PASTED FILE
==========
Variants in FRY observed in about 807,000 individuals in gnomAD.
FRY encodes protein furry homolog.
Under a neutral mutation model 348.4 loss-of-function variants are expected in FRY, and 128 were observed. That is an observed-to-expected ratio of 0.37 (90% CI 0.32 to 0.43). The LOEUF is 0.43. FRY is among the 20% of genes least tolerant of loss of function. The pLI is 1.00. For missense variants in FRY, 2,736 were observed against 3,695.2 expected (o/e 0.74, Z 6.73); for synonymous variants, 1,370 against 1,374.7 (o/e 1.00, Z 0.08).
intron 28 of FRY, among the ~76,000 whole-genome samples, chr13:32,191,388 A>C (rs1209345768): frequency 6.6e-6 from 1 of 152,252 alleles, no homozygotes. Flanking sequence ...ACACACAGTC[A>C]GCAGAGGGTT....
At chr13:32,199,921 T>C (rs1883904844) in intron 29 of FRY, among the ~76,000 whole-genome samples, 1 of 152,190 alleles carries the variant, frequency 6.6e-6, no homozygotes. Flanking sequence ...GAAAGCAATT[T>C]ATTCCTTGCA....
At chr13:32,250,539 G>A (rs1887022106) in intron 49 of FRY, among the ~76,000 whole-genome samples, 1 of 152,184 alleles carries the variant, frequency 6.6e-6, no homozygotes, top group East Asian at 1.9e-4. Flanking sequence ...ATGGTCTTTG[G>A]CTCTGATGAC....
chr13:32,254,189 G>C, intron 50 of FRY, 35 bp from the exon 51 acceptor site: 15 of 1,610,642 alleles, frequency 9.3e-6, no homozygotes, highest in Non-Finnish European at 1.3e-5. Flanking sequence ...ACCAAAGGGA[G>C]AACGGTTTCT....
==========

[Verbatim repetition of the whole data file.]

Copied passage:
Variants in FRY observed in about 807,000 individuals in gnomAD.
FRY encodes protein furry homolog.
Under a neutral mutation model 348.4 loss-of-function variants are expected in FRY, and 128 were observed. That is an observed-to-expected ratio of 0.37 (90% CI 0.32 to 0.43). The LOEUF is 0.43. FRY is among the 20% of genes least tolerant of loss of function. The pLI is 1.00. For missense variants in FRY, 2,736 were observed against 3,695.2 expected (o/e 0.74, Z 6.73); for synonymous variants, 1,370 against 1,374.7 (o/e 1.00, Z 0.08).
intron 28 of FRY, among the ~76,000 whole-genome samples, chr13:32,191,388 A>C (rs1209345768): frequency 6.6e-6 from 1 of 152,252 alleles, no homozygotes. Flanking sequence ...ACACACAGTC[A>C]GCAGAGGGTT....
At chr13:32,199,921 T>C (rs1883904844) in intron 29 of FRY, among the ~76,000 whole-genome samples, 1 of 152,190 alleles carries the variant, frequency 6.6e-6, no homozygotes. Flanking sequence ...GAAAGCAATT[T>C]ATTCCTTGCA....
At chr13:32,250,539 G>A (rs1887022106) in intron 49 of FRY, among the ~76,000 whole-genome samples, 1 of 152,184 alleles carries the variant, frequency 6.6e-6, no homozygotes, top group East Asian at 1.9e-4. Flanking sequence ...ATGGTCTTTG[G>A]CTCTGATGAC....
chr13:32,254,189 G>C, intron 50 of FRY, 35 bp from the exon 51 acceptor site: 15 of 1,610,642 alleles, frequency 9.3e-6, no homozygotes, highest in Non-Finnish European at 1.3e-5. Flanking sequence ...ACCAAAGGGA[G>C]AACGGTTTCT....